But "family" is not a word that springs to mind when describing the work of Diane Arbus, one of the most influential photographers of the 20th century's second half.
Though she came from one (a well-to-do Manhattan clan with a profitable department store) and eventually had one of her own (a husband and two daughters), Arbus' images stick in the mind for their solitude and isolation and the sense that we are all in this dreadful existence racket alone. Arbus' subjects float in their vast living rooms like shipwreck victims lost at sea. If there is any sense of familial camaraderie, it is in the impression her photographs give of people lunging for some flotation device.
The inspiration for Family Albums at the Georgia Museum of Art in Athens is a statement Arbus made in 1968, a year after her Museum of Modern Art debut, in which she described her artistic mission as an effort to create a kind of family album.
Arbus committed suicide in 1971, so the actual shape and character of her vision for that family album will never be known. And so the two curators of Family Albums, Anthony W. Lee from Mount Holyoke College and John Pultz from the University of Kansas, lean heavily on editorial work Arbus did for magazines such as Esquire and speculation on what it might have looked like.
The conceit of this traveling show is a bit of a stretch - and may strike some as downright sketchy - but it is enough of a conceptual mind-bend to allow audiences to see Arbus in a new light, as less a chronicler of society's "freaks" and more as a humane and empathetic fellow traveler. The same alienation and estrangement Arbus found in transvestites and carnival performers, the retarded and the obese, could be visible in even the ordinary domain of family. It may be difficult for some to identify with the extremes of experience Arbus documented, but no one will be immune from the dissection of power relationships, love given and love denied that constitute her vision of the familial landscape.
Much of the show's power to surprise and imagine this much-discussed artist anew comes with the multitude of accompanying contact sheets that show the process by which Arbus created an iconic Arbusian image out of thematic chaos.
The show is divided into subject areas: "Mothers," "Fathers," "Children." By grouping Arbus' photographs in that way, certain ideas emerge. Portraits of Norman Mailer or "Congressman and millionaire" Ogden Reid are portraits of an entitled, sacrosanct masculinity - preening breadwinners and masters of the universe. Arbus' Mamas tend to stand on shakier ground. They are less sure, harder to fix into any one category, though they certainly seem confined within the variously fussy, frumpy and chic domestic trappings where Arbus shoots them. Perhaps Arbus, being a mother herself, only saw the multiplicity and potential for entrapment involved in the role.
There are some familiar, iconic Arbus images on view. The frightening antics of a little boy in Central Park making a face like a Parris Island grunt as he clutches a toy grenade in one hand is an example.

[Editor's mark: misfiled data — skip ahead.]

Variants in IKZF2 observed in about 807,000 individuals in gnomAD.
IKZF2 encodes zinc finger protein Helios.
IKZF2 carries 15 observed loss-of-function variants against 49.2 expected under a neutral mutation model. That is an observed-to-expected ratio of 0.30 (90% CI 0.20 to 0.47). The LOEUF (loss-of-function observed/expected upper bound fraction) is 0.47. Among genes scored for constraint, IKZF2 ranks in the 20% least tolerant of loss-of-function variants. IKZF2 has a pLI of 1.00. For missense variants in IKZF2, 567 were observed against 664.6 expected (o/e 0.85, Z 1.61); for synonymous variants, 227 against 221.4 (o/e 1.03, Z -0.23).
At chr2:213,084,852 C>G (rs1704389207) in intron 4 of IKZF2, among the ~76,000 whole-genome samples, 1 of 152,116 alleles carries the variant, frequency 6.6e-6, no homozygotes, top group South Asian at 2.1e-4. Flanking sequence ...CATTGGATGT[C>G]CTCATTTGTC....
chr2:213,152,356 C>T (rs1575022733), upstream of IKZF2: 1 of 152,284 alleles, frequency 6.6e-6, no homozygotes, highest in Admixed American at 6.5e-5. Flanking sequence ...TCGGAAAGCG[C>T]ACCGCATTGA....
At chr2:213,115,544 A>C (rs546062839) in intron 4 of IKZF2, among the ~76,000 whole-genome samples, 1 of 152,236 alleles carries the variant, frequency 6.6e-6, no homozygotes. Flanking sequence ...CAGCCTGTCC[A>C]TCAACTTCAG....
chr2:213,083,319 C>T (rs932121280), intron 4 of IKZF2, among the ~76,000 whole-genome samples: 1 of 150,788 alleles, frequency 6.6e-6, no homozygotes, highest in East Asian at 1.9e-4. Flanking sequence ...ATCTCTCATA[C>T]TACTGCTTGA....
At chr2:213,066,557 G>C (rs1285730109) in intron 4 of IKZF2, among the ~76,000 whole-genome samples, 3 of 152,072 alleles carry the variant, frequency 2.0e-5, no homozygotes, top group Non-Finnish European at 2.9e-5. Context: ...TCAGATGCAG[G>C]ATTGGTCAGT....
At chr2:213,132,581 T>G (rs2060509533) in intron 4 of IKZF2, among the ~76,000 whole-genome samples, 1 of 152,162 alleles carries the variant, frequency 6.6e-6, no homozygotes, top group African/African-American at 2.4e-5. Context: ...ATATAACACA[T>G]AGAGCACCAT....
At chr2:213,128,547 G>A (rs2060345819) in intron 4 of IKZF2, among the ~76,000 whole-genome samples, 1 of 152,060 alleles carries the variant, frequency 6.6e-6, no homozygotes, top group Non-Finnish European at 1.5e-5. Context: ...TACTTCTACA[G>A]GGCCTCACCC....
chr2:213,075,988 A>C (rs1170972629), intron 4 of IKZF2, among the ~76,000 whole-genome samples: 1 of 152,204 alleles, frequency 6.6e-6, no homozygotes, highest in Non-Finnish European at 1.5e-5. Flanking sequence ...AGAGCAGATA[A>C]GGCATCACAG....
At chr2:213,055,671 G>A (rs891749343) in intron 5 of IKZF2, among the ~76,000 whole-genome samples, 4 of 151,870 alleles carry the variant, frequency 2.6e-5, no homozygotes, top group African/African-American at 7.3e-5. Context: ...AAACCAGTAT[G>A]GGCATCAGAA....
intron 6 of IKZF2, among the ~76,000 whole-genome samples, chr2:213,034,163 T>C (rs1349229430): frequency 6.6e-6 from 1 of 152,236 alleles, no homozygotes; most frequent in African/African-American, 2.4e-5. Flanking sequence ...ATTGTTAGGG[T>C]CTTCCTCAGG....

There are the glamour girls gone to seed. Arbus was a genius, almost sadistically so, at capturing female vanity abutting the cruel sands of time: debutante Brenda Frazier-turned-recluse holding court in her bedroom instead of the Stork Club. Articulating the lonely tragedy of faded celebrity is terminal sexpot Mae West in her depressingly girlish pink bedroom.
But the overriding theme of family also yields more emotionally complicated results. There are vulnerable portraits, too, like one of Jayne Mansfield and her young daughter. Mansfield is a caricature of tumescent youthfulness: copious cleavage and a dopey hair bow set like a Yuletide star on her blond pageboy. But in a child's eyes, every mother is a beauty and a saint, and the tender way Mansfield allows her daughter's head to rest on her shoulder demonstrates how her garish trappings can't erase this celebrity-age Madonna and child.
But in many cases, the thrill factor of Arbus' subjects - her freaks and misfits and celebrities whose faces we know all too well - make it hard to see the person inside the assertive exterior.
The Konrad Matthaei family, however, were a blank canvas. In 1969, the wealthy paterfamilias commissioned Arbus to make portraits of his family. Arbus shot an astounding 322 photographs of the handsome, sophisticated couple, their three children, and an extended family in the Matthaei's Manhattan townhouse. Arranged in an orderly, convivial clump, the Matthaeis appear to epitomize familial affection and togetherness.
But it is in Arbus' contact sheets where she reveals the fallacy of togetherness in brooding, morose images of the Matthaei daughters looking - variously - nymphet, estranged, depressed and wary.
In images of the Matthaei family posing at the dinner table or pretending to read, Arbus shows the idea of family as something more struggled and grappled with than attained.
Though Arbus is often remembered for capturing the lowbrow denizens of the world - giants, midgets, pruney senior citizens - she, as these pictures demonstrate, could also pillory class and show how poverty and money could both bequeath isolation.
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